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Re: Unposted quotes: 2002-2004 #4 (was `The complexity of the organism was once the complexity of an ecosystem' ...)

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  • Stephen E. Jones
    Group ... CL Where is *Margulis s* definition? In the context she means that is hers also (since she doesn t disagree with it and offers none of her own). As I
    Message 1 of 4 , Jul 20, 2005
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      On Wed, 20 Jul 2005 19:52:38 -0700, Cliff Lundberg wrote:

      >SJ>"My colleague Daniel Botkin would probably define any ecosystem
      >>as a set of communities of different species of organisms, living
      >>in the same place at the same time, enjoying an influx of external
      >>energy and matter. " (Margulis L., "The Symbiotic Planet: A New Look at
      >>Evolution," Phoenix: London, 1998, p.133)

      CL>Where is *Margulis's* definition?

      In the context she means that is hers also (since she doesn't disagree with
      it and offers none of her own). As I said (which Cliff deleted), "for her
      definition she quotes a leading ecologist, Daniel Botkin: ... That could have
      come from any biology or ecology textbook."

      I don't have any more time to waste on this. If Cliff does not accept that
      he has misundersstood Margulis, then I regard that as *Cliff's* problen,
      not mine.

      >SJ>"And so, if you wish to ask the question of the ages-why do
      >>humans exist?-a major part of the answer, touching those aspects of the issue
      >>that science can treat at all, must be: because Pikaia survived the Burgess
      >>decimation. ... We are the offspring of history, and must establish our own paths
      >>in this most diverse and interesting of conceivable universes-one indifferent
      >>to our suffering, and therefore offering us maximal freedom to thrive, or to fail,
      >>in our own chosen way." (Gould S.J., "Wonderful Life: The Burgess Shale and the
      >>Nature of History,"

      CL>A profound excursion starting from bad science. Gould has not the
      >least idea of how or whether Pikaia could be our ancestor. The thinking,
      >based on Pikaia's simplicity, is not distinct from that which would embrace the
      >biogenetic law.

      "Pikaia" was at the time (and still may be) the earliest chordate (i.e. of our phylum
      Chordata) found in the fossils of the Burgess Shale (immediately after the Cambrian
      Explosion). Gould's "Pikaia survived the Burgess decimation" is a shorthand way of
      saying that if the phylum Chordata had been wiped out (as others were) then we
      would not be here.

      CL>Enjoy the writing but let's not think that Gould has delivered the
      >evolutionary goods..


      Well, I certainly do "not think that Gould has delivered the *evolutionary*
      goods".

      CL>What the point is for the creationist who posted the
      >excerpt, I can't imagine.

      "What the point is for the creationist" (me) is the paleontological *facts*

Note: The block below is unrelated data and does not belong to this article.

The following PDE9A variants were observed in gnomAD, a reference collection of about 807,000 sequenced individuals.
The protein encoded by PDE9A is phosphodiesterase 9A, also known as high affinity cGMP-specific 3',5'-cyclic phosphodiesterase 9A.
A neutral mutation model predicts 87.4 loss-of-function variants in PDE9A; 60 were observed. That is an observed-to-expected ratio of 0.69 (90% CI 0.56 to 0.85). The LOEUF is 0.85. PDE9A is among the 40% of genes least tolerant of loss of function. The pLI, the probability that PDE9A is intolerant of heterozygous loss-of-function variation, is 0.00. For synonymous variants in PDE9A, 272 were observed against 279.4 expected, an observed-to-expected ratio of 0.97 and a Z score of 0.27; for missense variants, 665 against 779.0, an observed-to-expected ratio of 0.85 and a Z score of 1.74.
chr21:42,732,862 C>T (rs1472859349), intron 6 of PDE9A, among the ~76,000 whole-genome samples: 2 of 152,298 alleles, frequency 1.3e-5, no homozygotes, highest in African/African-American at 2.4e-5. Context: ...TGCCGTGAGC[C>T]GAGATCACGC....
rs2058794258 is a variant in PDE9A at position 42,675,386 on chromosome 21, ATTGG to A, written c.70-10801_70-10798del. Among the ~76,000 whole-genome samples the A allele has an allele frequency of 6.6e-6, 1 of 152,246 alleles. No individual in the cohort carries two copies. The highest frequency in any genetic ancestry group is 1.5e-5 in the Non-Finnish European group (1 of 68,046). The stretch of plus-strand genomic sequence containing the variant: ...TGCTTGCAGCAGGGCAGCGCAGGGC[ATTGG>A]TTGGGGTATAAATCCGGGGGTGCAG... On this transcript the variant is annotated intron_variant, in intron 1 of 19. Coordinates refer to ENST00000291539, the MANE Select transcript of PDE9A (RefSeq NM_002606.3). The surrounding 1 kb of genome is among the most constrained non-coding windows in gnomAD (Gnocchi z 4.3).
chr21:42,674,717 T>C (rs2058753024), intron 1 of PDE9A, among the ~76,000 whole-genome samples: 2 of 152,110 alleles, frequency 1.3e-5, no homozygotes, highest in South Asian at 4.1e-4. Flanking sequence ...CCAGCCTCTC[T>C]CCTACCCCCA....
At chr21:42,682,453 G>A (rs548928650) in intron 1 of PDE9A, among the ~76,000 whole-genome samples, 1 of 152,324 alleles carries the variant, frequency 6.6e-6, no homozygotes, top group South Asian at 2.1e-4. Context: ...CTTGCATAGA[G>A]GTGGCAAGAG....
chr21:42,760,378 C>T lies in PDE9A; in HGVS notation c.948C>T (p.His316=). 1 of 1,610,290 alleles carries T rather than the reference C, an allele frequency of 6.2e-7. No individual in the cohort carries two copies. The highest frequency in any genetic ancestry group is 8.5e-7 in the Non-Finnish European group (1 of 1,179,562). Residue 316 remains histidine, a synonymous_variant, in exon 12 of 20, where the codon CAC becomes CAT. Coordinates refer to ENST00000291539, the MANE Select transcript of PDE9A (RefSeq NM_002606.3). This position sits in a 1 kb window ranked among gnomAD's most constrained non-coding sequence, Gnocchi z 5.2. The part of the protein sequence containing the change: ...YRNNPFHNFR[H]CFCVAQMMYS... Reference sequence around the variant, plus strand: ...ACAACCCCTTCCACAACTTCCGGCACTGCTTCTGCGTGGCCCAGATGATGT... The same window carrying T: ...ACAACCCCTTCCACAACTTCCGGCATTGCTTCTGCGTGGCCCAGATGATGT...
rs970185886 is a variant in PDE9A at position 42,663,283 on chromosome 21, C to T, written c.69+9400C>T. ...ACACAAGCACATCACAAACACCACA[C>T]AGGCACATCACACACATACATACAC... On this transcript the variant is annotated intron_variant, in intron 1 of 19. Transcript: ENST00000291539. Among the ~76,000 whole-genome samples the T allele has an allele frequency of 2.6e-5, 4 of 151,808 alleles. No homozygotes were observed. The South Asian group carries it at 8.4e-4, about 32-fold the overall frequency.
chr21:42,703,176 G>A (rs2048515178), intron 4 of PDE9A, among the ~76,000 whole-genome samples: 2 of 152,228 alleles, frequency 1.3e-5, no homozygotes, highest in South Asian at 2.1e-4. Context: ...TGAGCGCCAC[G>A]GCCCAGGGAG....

that Gould's writings and that "excerpt" contain.

      There is also the point (as the evolutionist Cartmill realised-see tagline)
      that from the evidence that "the evolution [sic] of human beings was
      fantastically improbable and that a host of unlikely events had to fall out
      in just the right way for intelligent life to emerge on this planet". Gould's
      "conclusion that that the universe is indifferent to our existence and that
      humans would never evolve a second time if we rewound time's
      videotape and started over" "One might well take this as a sign of God's
      hand at work in the evolutionary [sic] process", as in fact I do!

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      "In his book Wonderful Life, Stephen Jay Gould argues that the evolution
      of human beings was fantastically improbable and that a host of unlikely
      events had to fall out in just the right way for intelligent life to emerge on
      this planet. One might well take this as a sign of God's hand at work in the
      evolutionary process. Gould, however, bends his argument to the opposite
      conclusion that the universe is indifferent to our existence and that humans
      would never evolve a second time if we rewound time's videotape and
      started over. But to reach this conclusion, you have to assume the very
      thing that you are trying to prove: namely, that history isn't directed by
      God. If there is a God, whatever he wills happens by necessity. Because
      we can't really replay the same stretch of time to see if it always comes out
      the same way, science has no tests for the presence of God's will in
      history. Gould's conclusion is a profession of his religious beliefs, not a
      finding of science." (Cartmill M., "Oppressed by Evolution," Discover,
      Vol. 19, No. 3, March 1998.
      http://www.godlesshouston.com/library/darwin.htm)
      Stephen E. Jones, BSc (Biol). http://members.iinet.net.au/~sejones
      Blog: http://creationevolutiondesign.blogspot.com/ Book, "Problems of
      Evolution" http://members.iinet.net.au/~sejones/PoE/PoE00ToC.html
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